Most Clicked SmartBrief on ExecTech Stories


1. Cisco: Poseidon virus threatening point-of-sale systems

SmartBrief on ExecTech | Mar 23, 2015

Cybercriminals are stepping up attacks against retail point-of-sale targets using a new and improved piece of malware known as Poseidon, which includes a keylogger for stealing credit card numbers. "Incidents involving PoS malware have been on the rise, affecting many large organizations as well as small mom-and-pop establishments and garnering a lot of media attention," said Cisco Systems, which uncovered the new strain of malware. CBROnline.com (U.K.) (03/23)


2. Flaw in Cisco IP phones makes them vulnerable to hacking

SmartBrief on ExecTech | Mar 24, 2015

A vulnerability in two Cisco IP phone models could give hackers a backdoor into business call systems, says a new company advisory. Cisco says the flaw, which affects its SPA 300 and 500 model IP phones, is tied to improper default authentication settings. CIO.com (03/23)


3. Fiber rollouts boost U.S. broadband profile, report finds

SmartBrief on ExecTech | Mar 25, 2015

Thanks to new infrastructure investments from Internet service providers, the U.S. now ranks 27th out of 199 countries in the global broadband race, with average speeds exceeding 33 Mbps, states a new report from Ookla. The firm's latest speed test, from March 2015, shows that the average U.S. household now outranks several leading European nations but still sits far below South Korean and Japan. Engadget (03/24)


4. Analysis: Driverless cars will affect business, road safety

SmartBrief on ExecTech | Mar 26, 2015

Self-driving cars have the potential to significantly reduce traffic accidents, the majority of which are the result of human error, Tim Smedley writes. Driverless cars also will likely be adopted by businesses at a faster rate due to fleet turnover, as at least 50% of new vehicle registrations are submitted by businesses, Smedley writes. Guardian (London), The (03/24)


5. Tackling the cybersecurity talent gap means recruiting more girls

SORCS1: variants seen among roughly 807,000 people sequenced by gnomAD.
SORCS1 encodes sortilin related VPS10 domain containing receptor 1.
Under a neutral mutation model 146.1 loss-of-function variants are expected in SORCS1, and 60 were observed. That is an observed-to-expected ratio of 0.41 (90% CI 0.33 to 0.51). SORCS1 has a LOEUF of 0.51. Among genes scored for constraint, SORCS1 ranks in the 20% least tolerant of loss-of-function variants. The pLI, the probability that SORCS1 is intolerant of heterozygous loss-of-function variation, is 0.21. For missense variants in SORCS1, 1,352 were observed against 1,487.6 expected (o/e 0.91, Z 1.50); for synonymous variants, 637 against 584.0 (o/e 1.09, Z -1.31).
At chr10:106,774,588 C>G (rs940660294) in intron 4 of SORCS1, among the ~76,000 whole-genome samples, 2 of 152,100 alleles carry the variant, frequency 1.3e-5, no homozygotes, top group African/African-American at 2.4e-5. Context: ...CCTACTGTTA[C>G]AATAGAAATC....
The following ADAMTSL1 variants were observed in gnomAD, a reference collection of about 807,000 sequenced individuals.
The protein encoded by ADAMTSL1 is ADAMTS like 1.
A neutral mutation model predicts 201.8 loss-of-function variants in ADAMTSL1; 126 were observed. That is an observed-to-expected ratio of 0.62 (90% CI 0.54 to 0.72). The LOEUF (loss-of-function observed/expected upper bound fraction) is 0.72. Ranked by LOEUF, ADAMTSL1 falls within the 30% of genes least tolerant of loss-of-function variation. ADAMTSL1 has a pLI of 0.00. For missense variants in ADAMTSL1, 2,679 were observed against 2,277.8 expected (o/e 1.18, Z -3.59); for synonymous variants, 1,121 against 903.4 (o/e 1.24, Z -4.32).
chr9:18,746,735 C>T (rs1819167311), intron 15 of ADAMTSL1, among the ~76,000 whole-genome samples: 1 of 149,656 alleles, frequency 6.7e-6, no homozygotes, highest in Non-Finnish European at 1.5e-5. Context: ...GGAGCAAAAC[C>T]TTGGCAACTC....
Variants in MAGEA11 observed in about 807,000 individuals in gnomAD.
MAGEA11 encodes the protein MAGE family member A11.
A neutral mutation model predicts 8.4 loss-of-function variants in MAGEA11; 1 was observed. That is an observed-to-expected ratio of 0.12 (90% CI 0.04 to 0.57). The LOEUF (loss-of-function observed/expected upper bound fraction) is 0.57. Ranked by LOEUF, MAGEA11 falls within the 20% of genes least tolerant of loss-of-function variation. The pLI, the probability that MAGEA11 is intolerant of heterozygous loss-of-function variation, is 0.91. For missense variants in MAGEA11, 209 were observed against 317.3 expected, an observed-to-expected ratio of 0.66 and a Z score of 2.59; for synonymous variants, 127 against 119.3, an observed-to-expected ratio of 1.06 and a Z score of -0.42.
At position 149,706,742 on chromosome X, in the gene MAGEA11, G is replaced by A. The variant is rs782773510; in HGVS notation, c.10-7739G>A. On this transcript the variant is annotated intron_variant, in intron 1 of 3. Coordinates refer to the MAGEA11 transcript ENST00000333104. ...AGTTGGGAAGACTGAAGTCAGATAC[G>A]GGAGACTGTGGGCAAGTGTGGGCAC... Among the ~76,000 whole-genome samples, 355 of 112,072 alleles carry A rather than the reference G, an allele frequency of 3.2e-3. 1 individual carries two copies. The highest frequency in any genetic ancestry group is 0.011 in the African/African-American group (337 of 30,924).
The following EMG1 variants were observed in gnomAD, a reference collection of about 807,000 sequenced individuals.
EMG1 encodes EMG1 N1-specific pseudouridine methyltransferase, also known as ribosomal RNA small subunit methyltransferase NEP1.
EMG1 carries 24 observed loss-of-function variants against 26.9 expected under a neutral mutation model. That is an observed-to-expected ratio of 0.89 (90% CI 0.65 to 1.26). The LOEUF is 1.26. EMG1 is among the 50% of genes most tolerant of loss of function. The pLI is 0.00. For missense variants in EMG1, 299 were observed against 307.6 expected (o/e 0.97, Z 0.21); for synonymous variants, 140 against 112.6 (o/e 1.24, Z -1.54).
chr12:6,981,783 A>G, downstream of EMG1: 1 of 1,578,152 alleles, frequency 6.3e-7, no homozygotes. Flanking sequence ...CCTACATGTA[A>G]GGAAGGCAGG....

SmartBrief on ExecTech | Mar 23, 2015

As demand for cybersecurity professionals outpaces available talent, the industry is being forced to confront a gender gap in the computer sciences in an effort to bring more women into the field. While females are taking on a larger role in the science, technology and engineering fields in general, they account for about one-in-ten cybersecurity professionals, a gap that some of nation's top technical schools are working to fill. Pittsburgh Tribune-Review (03/21)


6. FCC official: Evolving threats require new ways of thinking about cybersecurity

SmartBrief on ExecTech | Mar 27, 2015

The roughly 7 billion connected devices in use around the world have created a cyberthreat environment unlike anything else we've experienced and will require new ways of thinking about computer security, said David Bray, tech chief at the Federal Communications Commission. Bray said that with new and unknown daily threats, companies need to move beyond simply building defensive perimeters and consider ways of improving resiliency and working together. FederalNewsRadio.com (03/27)


7. Microsoft steps up UC efforts with Skype for Business

SmartBrief on ExecTech | Mar 23, 2015

Microsoft is replacing its Lync unified communications platform with a Skype platform that will integrate multiple enterprise collaboration features into Office 365. Skype for Business is part of a push by Microsoft to advance mobile video collaboration and stake a claim in a market traditionally dominated by telecom firms. Telecompetitor.com (03/19)


8. Tackling computer security's weakest link means educating users

SmartBrief on ExecTech | Mar 26, 2015

Companies can install the most cutting-edge computer security platform on the market, but it won't do much good if the people using it continue to engage in risky behavior, experts say. "Users are both the greatest asset and the weakest link when it comes to security. Users 'know' what is really happening in terms of processes and policies that are followed and those that are ignored -- they can be a great barometer for gauging the effectiveness of security measures," says Guy Bunker of Clearswift. CIO.com (03/25)


9. Hard-to-manage workers deliver the best results, says A&E CEO

SmartBrief on ExecTech | Mar 23, 2015

The people who are hardest to manage often wind up being your star performers, says Nancy Dubuc, CEO of A&E Networks. "Great managers recognize that there is no one way to manage. You may have to be 10 different managers to get the best out of your team," Dubuc says. New York Times (tiered subscription model), The (03/19)


10. Security flaw affects Android devices despite patch

SmartBrief on ExecTech | Mar 27, 2015

A security researcher at Palo Alto Networks has discovered a vulnerability in the Android operating system that makes it possible for hackers to slip malware in masquerading as a legitimate application. While Google has released patches to correct the problem, the flaw is still thought to affect nearly 50% of Android devices, Zhi Xu says. IT PRO (London) (03/25)




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